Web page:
I think that most probably means that it wasn't replaced with the new-gen sensor, as that requires fw 1.204 to run. The sensor replacement done to your camera was replacing a (corroded or cracked) sensor with another one of the same type, possibly before replacement with new-gen sensor started.
I'm not aware of any variations in the quality or specifications of an Olympus product that can be told from the serial number, with only two possible exceptions: there have been recalls in the past for certain ranges of E-M5 bodies (because of cracks in the screen bezel) and for FL-300R flashes (electrical problems).
The influences of crack deflection on the growth rates of nominally Mode I fatigue cracks are examined. Previous theoretical analyses of stress intensity solutions for kinked elastic cracks are reviewed. Simple elastic deflection models are developed to estimate the growth rates of nonlinear fatigue cracks subjected to various degrees of deflection, by incorporating changes in the effective driving force and in the apparent propagation rates. Experimental data are presented for intermediate-quenched and step-quenched conditions of Fe/2Si/0.1C ferrite-martensite dual phase steel, where variations in crack morphology alone influence considerably the fatigue crack propagation rates and threshold stress intensity range values. Such results are found to be in good quantitative agreement with the deflection model predictions of propagation rates for nonlinear cracks. Experimental information on crack deflection, induced by variable amplitude loading, is also provided for 2020-T651 aluminum alloy. It is demonstrated with the aid of elastic analyses and experiments that crack deflection models offer a physically-appealing rationale for the apparently slower growth rates of long fatigue cracks subjected to constant and variable amplitude loading and for the apparent deceleration and/or arrest of short cracks. The changes in the propagation rates of deflected fatigue cracks are discussed in terms of the local mode of crack advance, microstructure, effective driving force, growth mechanisms, mean stress, slip characteristics, and crack closure.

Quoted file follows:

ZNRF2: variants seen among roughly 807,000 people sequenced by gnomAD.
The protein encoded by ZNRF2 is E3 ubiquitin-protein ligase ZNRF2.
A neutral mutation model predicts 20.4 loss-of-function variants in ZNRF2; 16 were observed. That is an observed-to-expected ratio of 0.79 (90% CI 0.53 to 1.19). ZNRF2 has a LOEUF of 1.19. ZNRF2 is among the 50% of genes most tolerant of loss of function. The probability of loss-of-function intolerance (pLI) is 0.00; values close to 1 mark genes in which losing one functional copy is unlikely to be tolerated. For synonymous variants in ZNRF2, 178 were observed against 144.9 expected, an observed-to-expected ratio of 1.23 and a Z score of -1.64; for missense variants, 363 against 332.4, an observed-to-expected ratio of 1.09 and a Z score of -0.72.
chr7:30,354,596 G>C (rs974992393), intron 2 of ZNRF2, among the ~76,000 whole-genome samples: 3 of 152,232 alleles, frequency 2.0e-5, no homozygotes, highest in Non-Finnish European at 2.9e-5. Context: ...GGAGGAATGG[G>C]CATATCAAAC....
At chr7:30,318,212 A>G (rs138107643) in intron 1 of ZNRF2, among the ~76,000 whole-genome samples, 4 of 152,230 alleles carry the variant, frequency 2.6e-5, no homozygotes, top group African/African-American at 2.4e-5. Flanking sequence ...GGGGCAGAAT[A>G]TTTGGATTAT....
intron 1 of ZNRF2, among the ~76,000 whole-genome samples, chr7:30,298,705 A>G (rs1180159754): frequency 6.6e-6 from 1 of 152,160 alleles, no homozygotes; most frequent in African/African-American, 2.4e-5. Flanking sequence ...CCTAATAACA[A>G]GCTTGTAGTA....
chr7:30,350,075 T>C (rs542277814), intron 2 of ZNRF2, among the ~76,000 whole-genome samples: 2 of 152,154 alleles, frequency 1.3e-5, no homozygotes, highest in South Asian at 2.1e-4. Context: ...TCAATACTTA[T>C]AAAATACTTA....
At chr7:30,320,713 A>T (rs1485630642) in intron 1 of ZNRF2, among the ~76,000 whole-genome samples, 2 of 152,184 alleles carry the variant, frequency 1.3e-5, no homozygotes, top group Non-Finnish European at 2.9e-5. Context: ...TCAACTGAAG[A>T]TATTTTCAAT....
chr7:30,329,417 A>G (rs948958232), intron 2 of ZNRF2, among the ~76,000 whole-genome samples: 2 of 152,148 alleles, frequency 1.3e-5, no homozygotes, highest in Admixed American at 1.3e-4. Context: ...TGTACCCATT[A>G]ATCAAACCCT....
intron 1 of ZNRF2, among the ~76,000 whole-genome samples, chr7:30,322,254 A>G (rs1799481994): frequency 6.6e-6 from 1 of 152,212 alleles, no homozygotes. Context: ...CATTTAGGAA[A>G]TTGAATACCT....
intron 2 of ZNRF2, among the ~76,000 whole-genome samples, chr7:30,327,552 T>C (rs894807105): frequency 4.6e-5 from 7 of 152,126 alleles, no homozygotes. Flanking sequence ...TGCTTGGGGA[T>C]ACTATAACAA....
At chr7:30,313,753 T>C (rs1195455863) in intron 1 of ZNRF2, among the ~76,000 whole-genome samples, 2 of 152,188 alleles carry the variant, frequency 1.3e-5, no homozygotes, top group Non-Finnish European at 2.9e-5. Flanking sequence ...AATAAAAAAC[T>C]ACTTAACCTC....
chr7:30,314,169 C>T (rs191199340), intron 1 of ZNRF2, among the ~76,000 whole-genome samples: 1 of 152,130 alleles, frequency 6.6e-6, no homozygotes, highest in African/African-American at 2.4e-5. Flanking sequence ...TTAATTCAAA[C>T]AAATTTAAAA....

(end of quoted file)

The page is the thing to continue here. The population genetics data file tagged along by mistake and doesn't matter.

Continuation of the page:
Because of the rapid development of hardware and software during the past decade, it is now possible to use an analytical-empirical (or mechanistic) method of structural pavement evaluation on a routine basis. One reason for using this approach is the increased need for pavement maintenance and rehabilitation. To make the right choice from many potentially feasible maintenance and rehabilitation measures, the engineer must base his decision on a rational evaluation of the mechanical properties of the materials in the existing pavement structure. One of the parameters in terms of pavement response are the deflections; these are of interest to this particular study. The Falling Weight Deflectometer (FWD) has been developed specifically for the purpose of obtaining deflection measurements in order to determine the in-situ elastic moduli. The profile of the deflection at the surface of the pavement is known as the deflection basin, because it resembles a bowl-shaped depression. The magnitude of the deflections and the basin shape are functions of the number of layers making up the pavement cross section, their thicknesses, and their moduli values. A variety of multi-layered linear elastic pavement models are available for use at this present time. A general-purpose finite-element program called ANSYS developed by Swanson Analysis System is very powerful and is capable of solving a layered system such as the pavement. A finite element model was developed to study the effect of the crack on the predicted deflection bowls. A general-purpose finite-element program was used in this study due to its ability to solve this problem and because of the availability of the program. A hypothetical crack problem was assumed and modeled in different ways. The crack depth, crack width, and distance of the crack from the loading point were among the many parameters that were investigated. Considering the shape of the deflection basin, it is very important to study the effect of the